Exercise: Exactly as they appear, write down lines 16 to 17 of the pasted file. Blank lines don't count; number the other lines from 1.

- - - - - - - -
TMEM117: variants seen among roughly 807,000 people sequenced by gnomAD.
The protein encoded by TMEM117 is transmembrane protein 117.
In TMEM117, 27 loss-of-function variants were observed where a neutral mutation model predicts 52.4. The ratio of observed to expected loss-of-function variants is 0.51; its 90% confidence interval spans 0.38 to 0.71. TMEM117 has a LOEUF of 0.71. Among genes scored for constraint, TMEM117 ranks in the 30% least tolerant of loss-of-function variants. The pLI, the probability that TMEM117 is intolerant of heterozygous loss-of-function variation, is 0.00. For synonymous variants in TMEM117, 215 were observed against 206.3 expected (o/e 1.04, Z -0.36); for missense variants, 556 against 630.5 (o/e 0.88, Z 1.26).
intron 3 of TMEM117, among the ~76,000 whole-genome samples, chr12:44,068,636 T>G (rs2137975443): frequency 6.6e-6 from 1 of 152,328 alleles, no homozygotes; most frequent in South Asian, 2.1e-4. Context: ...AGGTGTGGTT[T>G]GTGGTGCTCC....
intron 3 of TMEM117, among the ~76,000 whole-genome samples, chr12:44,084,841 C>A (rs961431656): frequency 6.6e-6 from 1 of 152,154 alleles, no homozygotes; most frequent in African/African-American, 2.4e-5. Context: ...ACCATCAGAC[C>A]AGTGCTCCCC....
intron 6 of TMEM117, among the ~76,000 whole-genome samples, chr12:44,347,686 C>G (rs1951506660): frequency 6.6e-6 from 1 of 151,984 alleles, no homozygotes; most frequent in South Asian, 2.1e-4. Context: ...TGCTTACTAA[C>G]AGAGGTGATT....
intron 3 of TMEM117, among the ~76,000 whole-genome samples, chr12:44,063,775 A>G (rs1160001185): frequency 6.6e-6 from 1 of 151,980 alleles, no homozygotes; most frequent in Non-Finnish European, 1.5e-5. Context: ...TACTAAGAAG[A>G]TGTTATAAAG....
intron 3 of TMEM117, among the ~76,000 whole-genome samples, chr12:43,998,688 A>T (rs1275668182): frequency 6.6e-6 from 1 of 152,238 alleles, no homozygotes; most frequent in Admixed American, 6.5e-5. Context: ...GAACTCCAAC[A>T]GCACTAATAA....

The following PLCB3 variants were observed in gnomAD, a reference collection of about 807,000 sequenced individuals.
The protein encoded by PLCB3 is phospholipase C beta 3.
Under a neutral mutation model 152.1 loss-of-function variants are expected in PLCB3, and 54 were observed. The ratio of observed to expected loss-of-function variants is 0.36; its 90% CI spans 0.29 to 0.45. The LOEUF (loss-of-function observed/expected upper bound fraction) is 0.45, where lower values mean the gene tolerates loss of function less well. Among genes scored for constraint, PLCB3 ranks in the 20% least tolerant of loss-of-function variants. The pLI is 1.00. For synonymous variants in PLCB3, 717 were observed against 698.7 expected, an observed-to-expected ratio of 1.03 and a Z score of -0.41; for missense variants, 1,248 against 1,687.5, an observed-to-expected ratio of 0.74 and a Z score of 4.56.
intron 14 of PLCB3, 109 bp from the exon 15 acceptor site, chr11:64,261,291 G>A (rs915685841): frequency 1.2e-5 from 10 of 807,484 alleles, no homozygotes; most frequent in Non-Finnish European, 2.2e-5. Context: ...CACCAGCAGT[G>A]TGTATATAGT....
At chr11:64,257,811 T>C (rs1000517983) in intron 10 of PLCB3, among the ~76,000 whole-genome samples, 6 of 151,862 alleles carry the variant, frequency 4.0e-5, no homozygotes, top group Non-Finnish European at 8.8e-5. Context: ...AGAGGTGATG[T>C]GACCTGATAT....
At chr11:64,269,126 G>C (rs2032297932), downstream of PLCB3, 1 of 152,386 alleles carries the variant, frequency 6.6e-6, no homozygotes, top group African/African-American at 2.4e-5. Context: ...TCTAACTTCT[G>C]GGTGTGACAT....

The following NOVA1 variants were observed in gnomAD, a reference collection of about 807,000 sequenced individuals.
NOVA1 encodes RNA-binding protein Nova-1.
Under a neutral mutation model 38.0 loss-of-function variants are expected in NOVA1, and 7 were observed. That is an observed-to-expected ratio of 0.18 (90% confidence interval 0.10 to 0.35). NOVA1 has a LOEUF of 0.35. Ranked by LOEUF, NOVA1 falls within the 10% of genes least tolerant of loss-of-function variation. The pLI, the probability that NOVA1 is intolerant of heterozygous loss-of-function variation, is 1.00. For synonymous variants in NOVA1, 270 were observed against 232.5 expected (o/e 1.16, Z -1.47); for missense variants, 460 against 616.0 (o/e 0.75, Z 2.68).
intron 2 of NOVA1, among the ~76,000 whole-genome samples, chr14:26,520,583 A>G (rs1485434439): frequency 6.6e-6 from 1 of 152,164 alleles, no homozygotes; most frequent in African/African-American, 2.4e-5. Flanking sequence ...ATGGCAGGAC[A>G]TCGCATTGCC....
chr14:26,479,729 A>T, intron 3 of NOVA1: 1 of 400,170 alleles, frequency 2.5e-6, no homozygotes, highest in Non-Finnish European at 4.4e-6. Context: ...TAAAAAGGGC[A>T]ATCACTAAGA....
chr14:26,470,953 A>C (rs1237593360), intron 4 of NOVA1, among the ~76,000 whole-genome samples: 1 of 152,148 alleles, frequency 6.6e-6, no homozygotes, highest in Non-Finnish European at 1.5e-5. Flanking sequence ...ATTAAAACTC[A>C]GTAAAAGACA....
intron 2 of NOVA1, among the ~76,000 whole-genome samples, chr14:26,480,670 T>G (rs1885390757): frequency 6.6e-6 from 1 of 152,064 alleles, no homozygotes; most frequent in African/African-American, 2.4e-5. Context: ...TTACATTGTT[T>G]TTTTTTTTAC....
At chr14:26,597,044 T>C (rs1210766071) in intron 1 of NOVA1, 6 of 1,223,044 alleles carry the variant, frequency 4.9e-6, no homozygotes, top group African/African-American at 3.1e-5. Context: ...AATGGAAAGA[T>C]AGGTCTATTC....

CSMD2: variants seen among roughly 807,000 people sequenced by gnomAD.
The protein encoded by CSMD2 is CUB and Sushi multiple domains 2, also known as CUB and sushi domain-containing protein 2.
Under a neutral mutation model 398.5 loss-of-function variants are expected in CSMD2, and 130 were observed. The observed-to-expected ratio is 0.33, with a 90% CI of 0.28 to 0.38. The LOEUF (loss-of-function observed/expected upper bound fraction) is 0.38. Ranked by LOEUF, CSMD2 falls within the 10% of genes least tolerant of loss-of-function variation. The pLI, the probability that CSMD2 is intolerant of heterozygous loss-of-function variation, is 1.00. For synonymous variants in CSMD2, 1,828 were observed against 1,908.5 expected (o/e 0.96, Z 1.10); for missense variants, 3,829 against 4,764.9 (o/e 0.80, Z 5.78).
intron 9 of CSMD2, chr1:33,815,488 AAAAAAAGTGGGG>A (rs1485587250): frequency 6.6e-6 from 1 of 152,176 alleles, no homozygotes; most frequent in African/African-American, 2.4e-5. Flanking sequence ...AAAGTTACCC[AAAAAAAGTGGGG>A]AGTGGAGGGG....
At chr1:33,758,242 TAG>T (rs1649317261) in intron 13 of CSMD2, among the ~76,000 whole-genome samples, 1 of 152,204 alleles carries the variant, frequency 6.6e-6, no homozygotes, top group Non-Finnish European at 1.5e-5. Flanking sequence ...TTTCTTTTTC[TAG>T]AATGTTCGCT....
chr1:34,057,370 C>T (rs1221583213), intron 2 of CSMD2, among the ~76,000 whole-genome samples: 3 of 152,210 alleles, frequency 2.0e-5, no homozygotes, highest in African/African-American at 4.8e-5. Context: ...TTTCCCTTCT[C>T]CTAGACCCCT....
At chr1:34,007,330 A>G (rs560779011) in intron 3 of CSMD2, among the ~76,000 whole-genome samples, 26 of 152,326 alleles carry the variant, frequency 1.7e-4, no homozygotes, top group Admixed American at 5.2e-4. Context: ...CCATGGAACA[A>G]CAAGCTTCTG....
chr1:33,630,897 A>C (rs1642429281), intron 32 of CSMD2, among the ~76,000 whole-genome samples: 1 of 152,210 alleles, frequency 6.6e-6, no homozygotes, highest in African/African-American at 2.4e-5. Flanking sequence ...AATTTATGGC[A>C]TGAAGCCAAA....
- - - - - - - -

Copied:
NOVA1 encodes RNA-binding protein Nova-1.
Under a neutral mutation model 38.0 loss-of-function variants are expected in NOVA1, and 7 were observed. That is an observed-to-expected ratio of 0.18 (90% confidence interval 0.10 to 0.35). NOVA1 has a LOEUF of 0.35. Ranked by LOEUF, NOVA1 falls within the 10% of genes least tolerant of loss-of-function variation. The pLI, the probability that NOVA1 is intolerant of heterozygous loss-of-function variation, is 1.00. For synonymous variants in NOVA1, 270 were observed against 232.5 expected (o/e 1.16, Z -1.47); for missense variants, 460 against 616.0 (o/e 0.75, Z 2.68).